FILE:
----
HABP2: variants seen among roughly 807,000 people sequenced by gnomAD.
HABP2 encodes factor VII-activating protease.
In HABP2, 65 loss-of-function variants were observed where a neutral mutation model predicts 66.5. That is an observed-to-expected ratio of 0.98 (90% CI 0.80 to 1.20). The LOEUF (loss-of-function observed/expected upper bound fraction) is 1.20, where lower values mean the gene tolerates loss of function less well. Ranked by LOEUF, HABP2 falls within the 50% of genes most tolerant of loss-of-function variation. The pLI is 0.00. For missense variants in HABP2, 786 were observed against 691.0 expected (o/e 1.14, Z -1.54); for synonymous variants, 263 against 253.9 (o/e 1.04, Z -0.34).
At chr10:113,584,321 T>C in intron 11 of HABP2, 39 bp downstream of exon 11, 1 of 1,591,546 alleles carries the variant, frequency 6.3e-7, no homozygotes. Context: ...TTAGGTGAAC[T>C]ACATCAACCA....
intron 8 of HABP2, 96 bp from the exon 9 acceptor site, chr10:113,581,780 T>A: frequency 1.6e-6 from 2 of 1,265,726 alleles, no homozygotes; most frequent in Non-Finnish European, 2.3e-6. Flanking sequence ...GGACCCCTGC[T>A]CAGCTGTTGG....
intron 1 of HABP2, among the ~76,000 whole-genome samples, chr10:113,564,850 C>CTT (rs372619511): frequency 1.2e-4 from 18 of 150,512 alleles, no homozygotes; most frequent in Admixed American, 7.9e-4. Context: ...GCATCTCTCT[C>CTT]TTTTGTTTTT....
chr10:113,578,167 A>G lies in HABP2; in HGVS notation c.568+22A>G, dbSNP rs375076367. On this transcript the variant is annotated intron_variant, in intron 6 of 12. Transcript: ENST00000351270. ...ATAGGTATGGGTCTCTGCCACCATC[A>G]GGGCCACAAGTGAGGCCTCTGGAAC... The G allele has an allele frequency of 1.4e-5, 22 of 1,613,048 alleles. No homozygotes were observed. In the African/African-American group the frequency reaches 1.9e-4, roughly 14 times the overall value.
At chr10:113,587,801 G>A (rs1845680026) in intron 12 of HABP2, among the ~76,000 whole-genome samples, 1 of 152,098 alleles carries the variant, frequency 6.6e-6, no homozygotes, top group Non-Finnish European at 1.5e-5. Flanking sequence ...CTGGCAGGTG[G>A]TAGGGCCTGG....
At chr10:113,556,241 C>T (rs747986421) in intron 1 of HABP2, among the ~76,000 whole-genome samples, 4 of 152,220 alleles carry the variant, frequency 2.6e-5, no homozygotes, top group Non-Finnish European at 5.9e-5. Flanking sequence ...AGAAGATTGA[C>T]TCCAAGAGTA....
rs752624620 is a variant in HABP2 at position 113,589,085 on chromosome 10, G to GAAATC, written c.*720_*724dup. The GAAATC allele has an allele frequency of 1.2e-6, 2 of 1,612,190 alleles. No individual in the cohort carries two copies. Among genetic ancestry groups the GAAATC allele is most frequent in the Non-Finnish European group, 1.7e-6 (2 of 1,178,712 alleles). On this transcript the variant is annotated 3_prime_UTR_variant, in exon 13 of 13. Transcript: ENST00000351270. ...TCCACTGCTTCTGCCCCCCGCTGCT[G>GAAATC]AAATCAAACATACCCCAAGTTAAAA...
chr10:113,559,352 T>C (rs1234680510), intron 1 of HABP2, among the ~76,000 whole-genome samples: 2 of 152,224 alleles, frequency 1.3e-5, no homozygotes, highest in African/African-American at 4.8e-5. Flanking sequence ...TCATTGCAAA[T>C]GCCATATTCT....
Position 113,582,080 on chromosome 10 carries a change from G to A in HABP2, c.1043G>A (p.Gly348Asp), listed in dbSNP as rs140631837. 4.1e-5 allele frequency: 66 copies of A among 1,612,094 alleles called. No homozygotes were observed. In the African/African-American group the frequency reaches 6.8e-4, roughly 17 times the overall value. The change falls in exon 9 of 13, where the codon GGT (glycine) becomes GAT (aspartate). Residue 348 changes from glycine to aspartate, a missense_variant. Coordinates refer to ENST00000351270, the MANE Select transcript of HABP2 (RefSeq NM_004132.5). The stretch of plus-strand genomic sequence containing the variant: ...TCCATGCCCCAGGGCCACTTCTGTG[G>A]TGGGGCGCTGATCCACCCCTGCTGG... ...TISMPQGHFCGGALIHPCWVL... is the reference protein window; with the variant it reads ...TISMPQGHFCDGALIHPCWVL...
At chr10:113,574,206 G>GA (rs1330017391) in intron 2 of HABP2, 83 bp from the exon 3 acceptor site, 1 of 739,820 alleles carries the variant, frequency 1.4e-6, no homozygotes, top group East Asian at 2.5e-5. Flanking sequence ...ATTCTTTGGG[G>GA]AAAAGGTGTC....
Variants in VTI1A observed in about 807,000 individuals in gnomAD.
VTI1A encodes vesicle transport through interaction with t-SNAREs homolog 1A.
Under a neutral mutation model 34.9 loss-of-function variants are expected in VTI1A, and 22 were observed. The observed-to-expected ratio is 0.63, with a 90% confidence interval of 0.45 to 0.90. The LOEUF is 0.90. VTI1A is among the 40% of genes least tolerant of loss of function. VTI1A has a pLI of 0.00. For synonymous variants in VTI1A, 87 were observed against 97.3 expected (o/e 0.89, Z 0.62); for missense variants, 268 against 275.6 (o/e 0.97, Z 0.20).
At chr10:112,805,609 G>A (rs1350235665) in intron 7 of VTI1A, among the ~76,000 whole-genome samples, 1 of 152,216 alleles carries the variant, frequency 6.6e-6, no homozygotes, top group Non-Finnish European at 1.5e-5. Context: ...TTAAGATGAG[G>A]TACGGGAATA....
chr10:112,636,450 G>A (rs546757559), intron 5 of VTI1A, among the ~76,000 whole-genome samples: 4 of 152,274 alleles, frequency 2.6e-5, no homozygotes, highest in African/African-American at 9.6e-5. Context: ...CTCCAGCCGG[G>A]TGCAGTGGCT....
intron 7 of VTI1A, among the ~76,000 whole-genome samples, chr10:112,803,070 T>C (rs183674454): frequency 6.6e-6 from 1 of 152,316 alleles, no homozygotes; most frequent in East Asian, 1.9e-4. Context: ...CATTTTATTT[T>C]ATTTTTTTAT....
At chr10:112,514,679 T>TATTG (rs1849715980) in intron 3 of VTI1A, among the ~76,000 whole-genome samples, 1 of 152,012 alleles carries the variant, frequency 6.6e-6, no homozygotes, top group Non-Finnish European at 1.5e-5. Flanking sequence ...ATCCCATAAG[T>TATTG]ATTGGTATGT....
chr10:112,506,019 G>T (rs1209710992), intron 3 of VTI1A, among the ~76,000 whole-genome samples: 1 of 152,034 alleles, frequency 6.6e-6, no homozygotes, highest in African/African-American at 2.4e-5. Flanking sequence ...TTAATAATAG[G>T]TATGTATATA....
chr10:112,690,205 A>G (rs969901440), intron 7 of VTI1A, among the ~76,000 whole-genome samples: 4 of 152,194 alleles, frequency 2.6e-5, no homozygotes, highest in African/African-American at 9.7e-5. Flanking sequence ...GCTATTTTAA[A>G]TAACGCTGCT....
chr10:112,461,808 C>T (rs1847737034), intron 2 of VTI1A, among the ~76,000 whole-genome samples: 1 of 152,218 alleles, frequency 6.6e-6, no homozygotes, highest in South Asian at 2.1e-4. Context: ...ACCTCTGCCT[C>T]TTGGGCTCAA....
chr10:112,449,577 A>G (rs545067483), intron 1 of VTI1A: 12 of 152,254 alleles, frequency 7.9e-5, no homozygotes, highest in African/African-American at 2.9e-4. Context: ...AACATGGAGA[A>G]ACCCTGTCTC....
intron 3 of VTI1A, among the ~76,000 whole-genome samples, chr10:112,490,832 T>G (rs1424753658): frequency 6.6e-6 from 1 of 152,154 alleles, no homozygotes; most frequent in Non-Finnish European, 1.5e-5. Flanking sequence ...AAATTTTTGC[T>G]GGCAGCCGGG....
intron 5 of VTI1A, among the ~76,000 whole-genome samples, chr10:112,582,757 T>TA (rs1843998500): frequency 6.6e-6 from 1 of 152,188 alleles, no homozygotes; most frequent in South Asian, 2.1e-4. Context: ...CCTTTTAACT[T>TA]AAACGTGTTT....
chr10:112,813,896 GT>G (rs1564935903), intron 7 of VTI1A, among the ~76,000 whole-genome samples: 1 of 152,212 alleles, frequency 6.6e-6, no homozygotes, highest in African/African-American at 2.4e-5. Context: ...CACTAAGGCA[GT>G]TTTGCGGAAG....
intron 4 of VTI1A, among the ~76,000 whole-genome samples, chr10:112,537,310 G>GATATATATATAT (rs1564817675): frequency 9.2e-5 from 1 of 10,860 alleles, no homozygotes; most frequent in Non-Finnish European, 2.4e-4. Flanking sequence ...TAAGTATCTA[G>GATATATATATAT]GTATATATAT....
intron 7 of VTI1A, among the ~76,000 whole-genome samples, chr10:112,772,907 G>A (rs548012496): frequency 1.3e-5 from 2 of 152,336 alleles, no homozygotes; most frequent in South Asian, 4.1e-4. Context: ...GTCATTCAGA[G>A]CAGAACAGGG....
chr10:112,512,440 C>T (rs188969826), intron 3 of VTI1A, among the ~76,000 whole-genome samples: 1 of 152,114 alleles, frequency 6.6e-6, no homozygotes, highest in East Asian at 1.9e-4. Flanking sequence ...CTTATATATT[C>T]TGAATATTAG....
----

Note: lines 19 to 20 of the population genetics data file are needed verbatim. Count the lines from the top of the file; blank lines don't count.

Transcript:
intron 7 of VTI1A, among the ~76,000 whole-genome samples, chr10:112,803,070 T>C (rs183674454): frequency 6.6e-6 from 1 of 152,316 alleles, no homozygotes; most frequent in East Asian, 1.9e-4. Context: ...CATTTTATTT[T>C]ATTTTTTTAT....
At chr10:112,514,679 T>TATTG (rs1849715980) in intron 3 of VTI1A, among the ~76,000 whole-genome samples, 1 of 152,012 alleles carries the variant, frequency 6.6e-6, no homozygotes, top group Non-Finnish European at 1.5e-5. Flanking sequence ...ATCCCATAAG[T>TATTG]ATTGGTATGT....